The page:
At the weekend, the government appointed Lord Hutton, former Secretary of State for Work and Pensions, to head a commission reviewing public sector pensions. Accepting the job was a controversial move, for evident reasons of Hutton’s political affiliation and the evident remit to ‘contain’ public sector pensions costs, but the commission is intended to be ‘independent’, as George Osborne confirmed to Andrew Marr not once, not twice but three times.
But, just how independent the (other) Hutton commission is going to be able to be is a moot point. We’ve had already the unedifying spectacle of Clegg sticking the boot in on the basis of some rather spurious accounting via the (similarly ‘independent’) Office of Budget Responsibility; the apparent remit of the Commission to come up with ‘early savings’ does, as The Guardian commented (first link above), provide not so much as a clear steer towards, but a pointed indicator of, an increase in member contributions; and today’s Budget reports that public sector pensions in payment will be indexed in the future not by the Retail Price Index, but by the Consumer Price Index.
(Incidentally, as the following graph shows, CPI is habitually lower than RPI: in 14 of the 21 years since 1988, the annual rate of change in RPI has been higher than that of CPI in the September which is used for uprating benefits, including pensions, while CPI has been higher in just three; while £1 in 1988, uprating for CPI, would be worth £1.74 by 2010, compared to £1.99 where uprating was by RPI – 14% more in this period.)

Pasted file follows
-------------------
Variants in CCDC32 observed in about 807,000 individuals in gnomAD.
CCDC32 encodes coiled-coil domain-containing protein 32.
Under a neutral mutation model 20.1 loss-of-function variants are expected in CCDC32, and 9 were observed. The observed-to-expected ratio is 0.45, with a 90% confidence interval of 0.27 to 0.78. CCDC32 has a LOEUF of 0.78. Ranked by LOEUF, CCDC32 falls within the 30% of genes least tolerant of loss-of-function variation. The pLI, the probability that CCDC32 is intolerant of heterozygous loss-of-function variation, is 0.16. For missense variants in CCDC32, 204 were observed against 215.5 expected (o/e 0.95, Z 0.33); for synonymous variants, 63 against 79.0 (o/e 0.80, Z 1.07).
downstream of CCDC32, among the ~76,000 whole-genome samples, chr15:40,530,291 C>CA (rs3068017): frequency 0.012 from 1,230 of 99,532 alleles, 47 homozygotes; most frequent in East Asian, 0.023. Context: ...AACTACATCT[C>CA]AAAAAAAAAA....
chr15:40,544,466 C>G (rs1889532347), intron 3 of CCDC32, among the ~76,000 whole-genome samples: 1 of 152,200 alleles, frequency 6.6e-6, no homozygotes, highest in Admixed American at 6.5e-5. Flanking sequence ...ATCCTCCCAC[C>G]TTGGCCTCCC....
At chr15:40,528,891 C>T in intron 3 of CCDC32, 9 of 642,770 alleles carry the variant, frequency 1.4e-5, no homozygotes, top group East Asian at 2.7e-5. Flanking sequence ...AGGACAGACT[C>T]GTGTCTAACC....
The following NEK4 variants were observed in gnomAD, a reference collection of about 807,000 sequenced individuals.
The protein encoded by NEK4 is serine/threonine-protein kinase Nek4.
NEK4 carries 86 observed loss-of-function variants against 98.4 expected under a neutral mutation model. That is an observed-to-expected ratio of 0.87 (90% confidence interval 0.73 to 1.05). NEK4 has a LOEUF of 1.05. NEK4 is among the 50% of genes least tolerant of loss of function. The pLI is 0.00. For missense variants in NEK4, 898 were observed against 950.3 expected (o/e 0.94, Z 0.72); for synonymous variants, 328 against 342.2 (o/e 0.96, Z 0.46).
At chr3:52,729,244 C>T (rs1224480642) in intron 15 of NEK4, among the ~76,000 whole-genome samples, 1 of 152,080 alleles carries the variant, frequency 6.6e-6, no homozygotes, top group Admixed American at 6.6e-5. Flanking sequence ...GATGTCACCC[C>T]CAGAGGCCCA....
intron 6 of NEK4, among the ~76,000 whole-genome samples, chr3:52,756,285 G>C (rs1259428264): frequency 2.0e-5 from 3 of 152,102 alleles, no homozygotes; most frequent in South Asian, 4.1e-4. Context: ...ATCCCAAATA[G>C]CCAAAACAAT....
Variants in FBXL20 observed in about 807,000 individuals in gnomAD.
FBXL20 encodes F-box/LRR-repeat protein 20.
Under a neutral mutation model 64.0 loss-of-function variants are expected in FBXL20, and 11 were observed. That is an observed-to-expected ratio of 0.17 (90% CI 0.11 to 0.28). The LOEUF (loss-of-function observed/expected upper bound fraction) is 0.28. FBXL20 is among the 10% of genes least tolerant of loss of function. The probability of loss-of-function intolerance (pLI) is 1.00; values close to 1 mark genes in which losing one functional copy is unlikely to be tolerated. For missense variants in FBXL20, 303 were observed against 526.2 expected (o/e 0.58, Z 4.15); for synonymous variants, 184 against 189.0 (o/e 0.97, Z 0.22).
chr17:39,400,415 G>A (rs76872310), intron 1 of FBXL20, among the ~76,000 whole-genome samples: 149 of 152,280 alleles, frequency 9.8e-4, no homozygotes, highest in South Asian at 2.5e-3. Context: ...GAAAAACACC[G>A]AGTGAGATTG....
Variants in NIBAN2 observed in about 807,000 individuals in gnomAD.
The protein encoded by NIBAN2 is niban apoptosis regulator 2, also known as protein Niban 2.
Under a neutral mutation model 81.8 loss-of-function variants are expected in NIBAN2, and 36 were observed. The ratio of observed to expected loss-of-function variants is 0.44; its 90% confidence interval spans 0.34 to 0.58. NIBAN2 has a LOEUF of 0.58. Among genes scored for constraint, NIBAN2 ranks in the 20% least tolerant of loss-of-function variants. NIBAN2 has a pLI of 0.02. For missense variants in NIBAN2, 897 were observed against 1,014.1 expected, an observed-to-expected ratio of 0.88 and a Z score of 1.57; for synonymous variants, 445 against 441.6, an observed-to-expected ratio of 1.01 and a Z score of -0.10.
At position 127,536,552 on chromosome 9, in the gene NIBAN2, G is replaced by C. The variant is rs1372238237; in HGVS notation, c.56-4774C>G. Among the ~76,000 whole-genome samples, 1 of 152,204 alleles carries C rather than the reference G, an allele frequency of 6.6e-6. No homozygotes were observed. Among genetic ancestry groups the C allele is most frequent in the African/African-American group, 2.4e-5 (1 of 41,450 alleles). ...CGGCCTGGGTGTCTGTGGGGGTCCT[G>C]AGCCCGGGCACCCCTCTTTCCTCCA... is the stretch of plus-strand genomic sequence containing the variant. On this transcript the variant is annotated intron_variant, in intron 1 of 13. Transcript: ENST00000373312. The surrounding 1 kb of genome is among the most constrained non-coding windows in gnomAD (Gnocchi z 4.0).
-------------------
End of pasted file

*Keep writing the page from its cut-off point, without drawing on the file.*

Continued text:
Today’s announcement would appear to restrict the Commission’s room for manoeuvre by taking away one of the negotiations options which might be otherwise have been used to ‘sell’ reform to a sceptical workforce.
Independent? I wouldn’t bank on it. Another fig leaf for long-held Tory ambitions to cut public sector pensions? Probably.
[Edit 23/6: as Cameron seems to have confirmed today in another undermining of the independence of the Hutton Commission: not only was the total bill for public sector pensions becoming ‘unaffordable’ but ‘major changes’ would be needed for the future based on ‘no longer final salary schemes or having to put more money in’.]